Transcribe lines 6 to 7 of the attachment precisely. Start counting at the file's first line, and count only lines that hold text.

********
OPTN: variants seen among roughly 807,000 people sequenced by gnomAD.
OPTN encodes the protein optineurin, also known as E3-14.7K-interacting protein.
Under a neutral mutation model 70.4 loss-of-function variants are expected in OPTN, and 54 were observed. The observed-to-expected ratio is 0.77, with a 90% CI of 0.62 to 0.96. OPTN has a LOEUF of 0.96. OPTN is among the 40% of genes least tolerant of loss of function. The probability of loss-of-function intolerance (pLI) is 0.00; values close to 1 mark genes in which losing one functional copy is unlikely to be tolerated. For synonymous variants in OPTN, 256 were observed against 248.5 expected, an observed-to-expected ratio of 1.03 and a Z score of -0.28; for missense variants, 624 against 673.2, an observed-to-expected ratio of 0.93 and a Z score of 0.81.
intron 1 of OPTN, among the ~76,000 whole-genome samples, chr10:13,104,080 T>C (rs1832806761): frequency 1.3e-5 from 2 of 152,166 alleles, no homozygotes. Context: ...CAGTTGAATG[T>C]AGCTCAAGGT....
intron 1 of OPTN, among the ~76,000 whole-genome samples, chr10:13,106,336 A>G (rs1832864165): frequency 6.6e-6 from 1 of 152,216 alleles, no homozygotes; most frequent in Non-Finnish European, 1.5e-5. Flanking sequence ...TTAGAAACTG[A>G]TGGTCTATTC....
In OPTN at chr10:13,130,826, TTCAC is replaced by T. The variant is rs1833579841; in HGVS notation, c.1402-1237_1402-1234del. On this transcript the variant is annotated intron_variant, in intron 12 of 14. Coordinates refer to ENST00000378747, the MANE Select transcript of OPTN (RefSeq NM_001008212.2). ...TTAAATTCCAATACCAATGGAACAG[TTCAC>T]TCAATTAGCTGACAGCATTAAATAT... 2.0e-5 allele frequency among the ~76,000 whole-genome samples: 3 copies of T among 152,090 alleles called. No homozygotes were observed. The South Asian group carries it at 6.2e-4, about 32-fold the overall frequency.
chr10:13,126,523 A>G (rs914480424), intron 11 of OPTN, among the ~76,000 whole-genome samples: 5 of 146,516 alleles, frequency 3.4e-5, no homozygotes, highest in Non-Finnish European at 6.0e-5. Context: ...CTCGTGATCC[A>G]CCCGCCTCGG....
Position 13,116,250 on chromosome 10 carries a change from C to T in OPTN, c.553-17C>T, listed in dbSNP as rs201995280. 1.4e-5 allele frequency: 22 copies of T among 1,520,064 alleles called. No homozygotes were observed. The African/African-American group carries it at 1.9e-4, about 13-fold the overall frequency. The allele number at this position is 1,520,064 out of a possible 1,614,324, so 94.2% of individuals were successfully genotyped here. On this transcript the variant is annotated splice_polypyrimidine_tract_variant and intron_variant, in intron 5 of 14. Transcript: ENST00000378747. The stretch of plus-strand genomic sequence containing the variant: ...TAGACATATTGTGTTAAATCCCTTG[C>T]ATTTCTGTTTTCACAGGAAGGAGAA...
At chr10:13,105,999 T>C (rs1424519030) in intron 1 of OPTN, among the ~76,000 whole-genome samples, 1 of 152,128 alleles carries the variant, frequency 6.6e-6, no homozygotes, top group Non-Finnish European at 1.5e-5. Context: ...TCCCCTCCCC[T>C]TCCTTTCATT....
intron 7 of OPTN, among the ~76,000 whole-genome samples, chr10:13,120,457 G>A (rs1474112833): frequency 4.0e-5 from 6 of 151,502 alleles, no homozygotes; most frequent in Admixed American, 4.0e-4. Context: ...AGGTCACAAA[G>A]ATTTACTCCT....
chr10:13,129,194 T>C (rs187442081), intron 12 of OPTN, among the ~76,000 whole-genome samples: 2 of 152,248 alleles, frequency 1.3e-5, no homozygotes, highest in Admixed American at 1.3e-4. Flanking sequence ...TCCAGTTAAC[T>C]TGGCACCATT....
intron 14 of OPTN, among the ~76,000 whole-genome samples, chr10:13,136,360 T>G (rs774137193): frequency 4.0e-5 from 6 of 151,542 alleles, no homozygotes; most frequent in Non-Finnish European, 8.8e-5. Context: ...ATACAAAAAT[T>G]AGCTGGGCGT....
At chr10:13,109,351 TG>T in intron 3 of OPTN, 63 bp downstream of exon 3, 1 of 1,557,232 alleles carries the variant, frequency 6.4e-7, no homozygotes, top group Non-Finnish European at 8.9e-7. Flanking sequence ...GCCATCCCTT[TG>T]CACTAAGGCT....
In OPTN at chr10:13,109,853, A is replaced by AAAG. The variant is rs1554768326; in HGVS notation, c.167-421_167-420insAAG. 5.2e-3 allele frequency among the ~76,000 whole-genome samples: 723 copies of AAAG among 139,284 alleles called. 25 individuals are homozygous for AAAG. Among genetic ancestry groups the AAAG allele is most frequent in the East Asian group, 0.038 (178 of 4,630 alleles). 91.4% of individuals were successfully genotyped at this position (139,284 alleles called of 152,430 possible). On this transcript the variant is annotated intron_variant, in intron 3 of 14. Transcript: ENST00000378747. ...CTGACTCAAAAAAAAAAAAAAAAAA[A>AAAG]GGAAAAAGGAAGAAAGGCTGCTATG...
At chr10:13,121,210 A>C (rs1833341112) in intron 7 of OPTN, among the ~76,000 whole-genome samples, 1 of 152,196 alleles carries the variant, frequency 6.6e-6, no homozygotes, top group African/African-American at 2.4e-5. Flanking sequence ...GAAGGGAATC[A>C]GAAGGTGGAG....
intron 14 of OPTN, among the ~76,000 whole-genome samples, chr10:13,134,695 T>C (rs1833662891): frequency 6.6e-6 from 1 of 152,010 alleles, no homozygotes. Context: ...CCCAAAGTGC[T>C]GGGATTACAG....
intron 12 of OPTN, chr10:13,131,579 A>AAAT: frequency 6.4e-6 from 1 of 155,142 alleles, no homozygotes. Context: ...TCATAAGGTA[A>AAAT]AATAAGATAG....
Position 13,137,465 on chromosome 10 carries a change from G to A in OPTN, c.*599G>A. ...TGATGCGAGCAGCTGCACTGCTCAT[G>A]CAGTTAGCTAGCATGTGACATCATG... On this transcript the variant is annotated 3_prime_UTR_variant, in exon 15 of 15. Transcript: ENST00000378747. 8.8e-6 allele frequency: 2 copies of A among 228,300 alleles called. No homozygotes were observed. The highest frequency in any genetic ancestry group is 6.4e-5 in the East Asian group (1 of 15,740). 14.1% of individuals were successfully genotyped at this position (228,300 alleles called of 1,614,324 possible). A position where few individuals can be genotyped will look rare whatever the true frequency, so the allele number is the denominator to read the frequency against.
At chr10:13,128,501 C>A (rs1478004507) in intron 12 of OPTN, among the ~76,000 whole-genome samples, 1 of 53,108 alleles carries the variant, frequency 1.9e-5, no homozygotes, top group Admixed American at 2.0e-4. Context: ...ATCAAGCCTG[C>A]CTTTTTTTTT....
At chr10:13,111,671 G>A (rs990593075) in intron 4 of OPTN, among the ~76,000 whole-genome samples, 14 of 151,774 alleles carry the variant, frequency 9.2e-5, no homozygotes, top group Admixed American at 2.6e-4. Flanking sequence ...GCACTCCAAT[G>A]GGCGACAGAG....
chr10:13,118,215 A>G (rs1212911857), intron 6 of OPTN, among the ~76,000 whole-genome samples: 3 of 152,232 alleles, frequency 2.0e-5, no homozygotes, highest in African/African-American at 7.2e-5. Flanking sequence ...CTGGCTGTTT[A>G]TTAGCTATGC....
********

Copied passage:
In OPTN at chr10:13,130,826, TTCAC is replaced by T. The variant is rs1833579841; in HGVS notation, c.1402-1237_1402-1234del. On this transcript the variant is annotated intron_variant, in intron 12 of 14. Coordinates refer to ENST00000378747, the MANE Select transcript of OPTN (RefSeq NM_001008212.2). ...TTAAATTCCAATACCAATGGAACAG[TTCAC>T]TCAATTAGCTGACAGCATTAAATAT... 2.0e-5 allele frequency among the ~76,000 whole-genome samples: 3 copies of T among 152,090 alleles called. No homozygotes were observed. The South Asian group carries it at 6.2e-4, about 32-fold the overall frequency.
chr10:13,126,523 A>G (rs914480424), intron 11 of OPTN, among the ~76,000 whole-genome samples: 5 of 146,516 alleles, frequency 3.4e-5, no homozygotes, highest in Non-Finnish European at 6.0e-5. Context: ...CTCGTGATCC[A>G]CCCGCCTCGG....